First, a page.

Rodgers’ vision trumps destiny

When something disgraceful has taken place that is also entirely predictable and even understandable, we are invariably left with only one way to sum things up.

That’s football.

This week, it was former Rangers man Neil McCann, in his role as a pundit on Sky Sports, doing the calculations and arriving at the only reasonable bottom line.

“I suppose that’s football.”

McCann was talking about the banner held up by Celtic fans during the midweek win over Hearts. Their farewell to the manager who had won them two trebles.

It read: “You traded immortality for mediocrity. Never a Celt. Always a Fraud.”

All part and parcel of the heartbreak, the hysteria, the rage of the jilted, the betrayal, the ambition, and the bullshit of football.

Take it all away and you’d be left with something that isn’t football.

We know, on some level, that it is all fake. We are operating in a world where Neymar receives an annual bonus of $375,000 for waving to PSG fans. It is a world made for men like Brendan Rodgers, who can make us believe in something. Made for a man who lives by the credo: “The quality of your life is the quality of your communication.”

Since his arrival at Celtic, Brendan told them everything they wanted to hear.

This is different. This is family, this is blood, this is Patsy Gallagher, Jimmy Johnstone, Danny McGrain, It’s more than a job and it’s more than a club.

He talked about his dream job as a lifelong fan, about “the fusion between the players, the management, and the supporters” being “Celtic’s Holy Trinity”, presumably fielding himself in the playmaker role of God.

They lapped it all up and then he was drawn away by the shiny allure of Premier League mid-table, 12 games before he was due to make it nine domestic trophies out of nine. Having talked so persuasively of nostalgia and destiny and glory, he cashed it in for two months back in the glare of the Best League in the World, shredding any lingering esteem his club clung to about their place in the world. And torching the fragile dignity of the Scottish league.

That’s football.

For a day or two, these things feel like a turning point in football’s long relationship with bullshit. The kind of thing that could give bullshit a bad name, that could bring bullshit down altogether, for everyone. Surely football would wake up the next morning, and vow never to be sucked in to the same extent again.

And yet Brendan Rodgers’ own compulsion to bullshit is so strong, that on his very first day at Leicester, he told them he would give his life for the club — not the most tasteful opening gambit given the recent history in his new surroundings.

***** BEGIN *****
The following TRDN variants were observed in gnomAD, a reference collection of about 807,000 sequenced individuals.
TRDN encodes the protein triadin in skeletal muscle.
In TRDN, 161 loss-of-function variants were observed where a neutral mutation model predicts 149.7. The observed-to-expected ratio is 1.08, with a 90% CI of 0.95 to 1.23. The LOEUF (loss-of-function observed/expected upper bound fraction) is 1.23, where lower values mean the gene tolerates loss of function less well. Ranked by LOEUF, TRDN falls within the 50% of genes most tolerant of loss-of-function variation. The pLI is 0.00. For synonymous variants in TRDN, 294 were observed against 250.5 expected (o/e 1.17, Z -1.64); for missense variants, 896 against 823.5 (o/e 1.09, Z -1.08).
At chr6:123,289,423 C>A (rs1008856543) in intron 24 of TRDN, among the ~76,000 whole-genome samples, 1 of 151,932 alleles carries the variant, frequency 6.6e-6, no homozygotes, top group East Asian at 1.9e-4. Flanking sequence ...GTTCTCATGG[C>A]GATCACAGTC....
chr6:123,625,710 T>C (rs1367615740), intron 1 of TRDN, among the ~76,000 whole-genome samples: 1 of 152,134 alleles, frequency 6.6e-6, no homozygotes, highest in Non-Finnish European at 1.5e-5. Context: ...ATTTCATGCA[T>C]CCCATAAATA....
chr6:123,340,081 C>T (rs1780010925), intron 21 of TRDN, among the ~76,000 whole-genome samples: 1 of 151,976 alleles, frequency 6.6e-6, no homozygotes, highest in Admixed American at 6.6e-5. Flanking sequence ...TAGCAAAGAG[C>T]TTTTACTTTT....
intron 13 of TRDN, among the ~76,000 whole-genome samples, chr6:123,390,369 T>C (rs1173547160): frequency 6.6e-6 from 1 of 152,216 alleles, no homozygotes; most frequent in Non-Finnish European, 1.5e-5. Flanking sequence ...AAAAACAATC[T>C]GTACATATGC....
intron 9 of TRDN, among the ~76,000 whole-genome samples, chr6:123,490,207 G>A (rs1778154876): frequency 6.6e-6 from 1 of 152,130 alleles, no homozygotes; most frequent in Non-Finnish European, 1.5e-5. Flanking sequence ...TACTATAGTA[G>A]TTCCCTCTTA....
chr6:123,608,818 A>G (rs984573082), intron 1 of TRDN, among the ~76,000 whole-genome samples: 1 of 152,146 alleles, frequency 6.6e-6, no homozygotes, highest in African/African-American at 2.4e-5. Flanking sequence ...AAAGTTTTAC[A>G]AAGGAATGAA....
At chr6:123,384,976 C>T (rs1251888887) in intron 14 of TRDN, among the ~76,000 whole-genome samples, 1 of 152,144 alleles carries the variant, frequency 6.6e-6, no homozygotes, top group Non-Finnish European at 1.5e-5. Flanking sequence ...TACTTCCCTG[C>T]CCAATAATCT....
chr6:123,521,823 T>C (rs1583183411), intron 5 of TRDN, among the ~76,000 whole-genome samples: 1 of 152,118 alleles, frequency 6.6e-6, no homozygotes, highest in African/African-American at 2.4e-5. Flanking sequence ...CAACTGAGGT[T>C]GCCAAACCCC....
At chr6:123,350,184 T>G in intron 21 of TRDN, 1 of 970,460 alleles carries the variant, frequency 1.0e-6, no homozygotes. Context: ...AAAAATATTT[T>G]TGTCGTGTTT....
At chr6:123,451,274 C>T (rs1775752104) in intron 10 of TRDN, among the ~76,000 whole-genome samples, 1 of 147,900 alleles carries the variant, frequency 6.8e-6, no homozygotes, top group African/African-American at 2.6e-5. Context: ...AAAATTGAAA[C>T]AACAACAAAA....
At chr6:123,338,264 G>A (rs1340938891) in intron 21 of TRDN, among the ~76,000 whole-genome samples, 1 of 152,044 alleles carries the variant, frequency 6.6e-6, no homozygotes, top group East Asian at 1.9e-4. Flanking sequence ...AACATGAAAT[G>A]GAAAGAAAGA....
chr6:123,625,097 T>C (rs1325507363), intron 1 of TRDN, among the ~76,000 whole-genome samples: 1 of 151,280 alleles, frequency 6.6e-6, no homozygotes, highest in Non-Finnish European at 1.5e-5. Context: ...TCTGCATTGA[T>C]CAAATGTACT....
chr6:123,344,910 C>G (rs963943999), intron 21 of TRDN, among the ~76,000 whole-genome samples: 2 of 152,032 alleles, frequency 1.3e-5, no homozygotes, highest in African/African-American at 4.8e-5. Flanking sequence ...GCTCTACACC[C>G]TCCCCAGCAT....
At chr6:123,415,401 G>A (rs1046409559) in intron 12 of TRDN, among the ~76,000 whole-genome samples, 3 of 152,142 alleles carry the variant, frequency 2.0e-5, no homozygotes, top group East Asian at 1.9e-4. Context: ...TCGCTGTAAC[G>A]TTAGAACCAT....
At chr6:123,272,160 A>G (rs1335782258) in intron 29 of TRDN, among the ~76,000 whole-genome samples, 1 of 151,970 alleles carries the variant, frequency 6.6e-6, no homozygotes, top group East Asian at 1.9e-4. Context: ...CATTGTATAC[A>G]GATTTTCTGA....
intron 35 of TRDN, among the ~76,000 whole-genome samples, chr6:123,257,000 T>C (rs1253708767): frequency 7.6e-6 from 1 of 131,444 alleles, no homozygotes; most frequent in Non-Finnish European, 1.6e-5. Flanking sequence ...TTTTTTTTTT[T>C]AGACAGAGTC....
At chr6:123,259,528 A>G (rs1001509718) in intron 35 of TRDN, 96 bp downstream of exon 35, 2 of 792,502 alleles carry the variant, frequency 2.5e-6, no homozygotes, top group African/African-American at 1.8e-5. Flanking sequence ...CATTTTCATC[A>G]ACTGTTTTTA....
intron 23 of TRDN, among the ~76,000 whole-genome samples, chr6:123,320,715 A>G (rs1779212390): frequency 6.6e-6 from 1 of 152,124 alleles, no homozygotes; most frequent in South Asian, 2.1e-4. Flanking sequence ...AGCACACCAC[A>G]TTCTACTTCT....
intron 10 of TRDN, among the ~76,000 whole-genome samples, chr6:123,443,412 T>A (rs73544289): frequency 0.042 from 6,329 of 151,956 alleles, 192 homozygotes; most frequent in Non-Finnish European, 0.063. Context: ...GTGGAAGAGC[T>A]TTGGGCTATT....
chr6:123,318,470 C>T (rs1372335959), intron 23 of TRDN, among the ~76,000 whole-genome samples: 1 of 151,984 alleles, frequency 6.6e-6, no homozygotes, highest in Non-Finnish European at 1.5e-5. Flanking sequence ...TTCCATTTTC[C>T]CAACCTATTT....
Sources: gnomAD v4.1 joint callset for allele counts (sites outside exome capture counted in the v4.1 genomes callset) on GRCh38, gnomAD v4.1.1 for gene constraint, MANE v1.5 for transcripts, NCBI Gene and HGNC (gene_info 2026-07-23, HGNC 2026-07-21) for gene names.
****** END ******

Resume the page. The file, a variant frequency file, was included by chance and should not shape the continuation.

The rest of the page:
But he also talked about getting the supporters and players working together, so perhaps he can reform the Holy Trinity to inspire the race for seventh.

Because after three wins in a row, they will lap it up too. That’s football.

Brendan will get on with reiterating his brand values. He will become a ‘football architect’ once more. And the Foxes will ‘defend forward’, and ‘rest on the ball’, and there may even be ‘death by football’.

That was the chief difficulty being stuck up in Scotland. The world just wasn’t listening. It didn’t even really catch on that he labelled Celtic’s unbeaten team The Infrangibles. Otherwise there would surely be a tribute band by now.

So Brendan probably has a lot of that kind of stuff to get off his chest. And perhaps it’s just what Leicester need. To give themselves over to the famous ‘One Club One Vision’ dossier that Rodgers believes will work at any club where the vision is his.

Can Leicester escape the bitter aftermath of their fairytale in whatever narrative Brendan has devised to prove this one isn’t less than a job?

And could Rodgers be at a better club to vindicate the prioritisation of his own career over someone else’s destiny?

The rancour and restlessness of Leicester’s fairytale years will forever stand as a case study for managers and players wondering if they should quit while ahead, putting N’Golo Kante up there with Steve Jobs and the fella who invented the Post-it note among the great case study heroes who got the big calls right.

But a study of Celtic’s colourful history of banner creation might also have factored into Rodgers’ thinking.

‘Empty jerseys, empty hearts, empty dreams, empty stands’, read one, three years ago. ‘You’ve embarrassed yourselves. The Celtic jersey has shrunk to fit inferior players,’ another.

They had lost the Scottish Cup semi-final on penalties to Rangers and Rodgers’ predecessor Ronnie Delia promised to go once he had completed the formalities of collecting his second title in two attempts that summer.

Maybe that established the value of what Rodgers has foregone this May.

He’d have known his immortality would be fragile and he would be keenly aware too of the price of two more months in exile, in terms of brand depreciation.

In Michael Calvin’s book Living on the Volcano , Rodgers explains that he sees himself less as a manager and more “a welfare officer”. He talks about building a player’s CORE principles, but it’s also clear the man who is fluent in Spanish and Italian speaks well the language professional footballers understand best.

On a flipchart he had scribbled some numbers. 17X12=204. Rodgers explained it was for a lecture he had just given an 18-year-old player.

“You will play until you’re 35 years of age, right? You’ve got 204 pay packets left in your life as a player. At the end of this month, that’s 203. Once this is done, this is done. Maximise yourself. Remember, this is your life. Don’t wait on it. Create it.”

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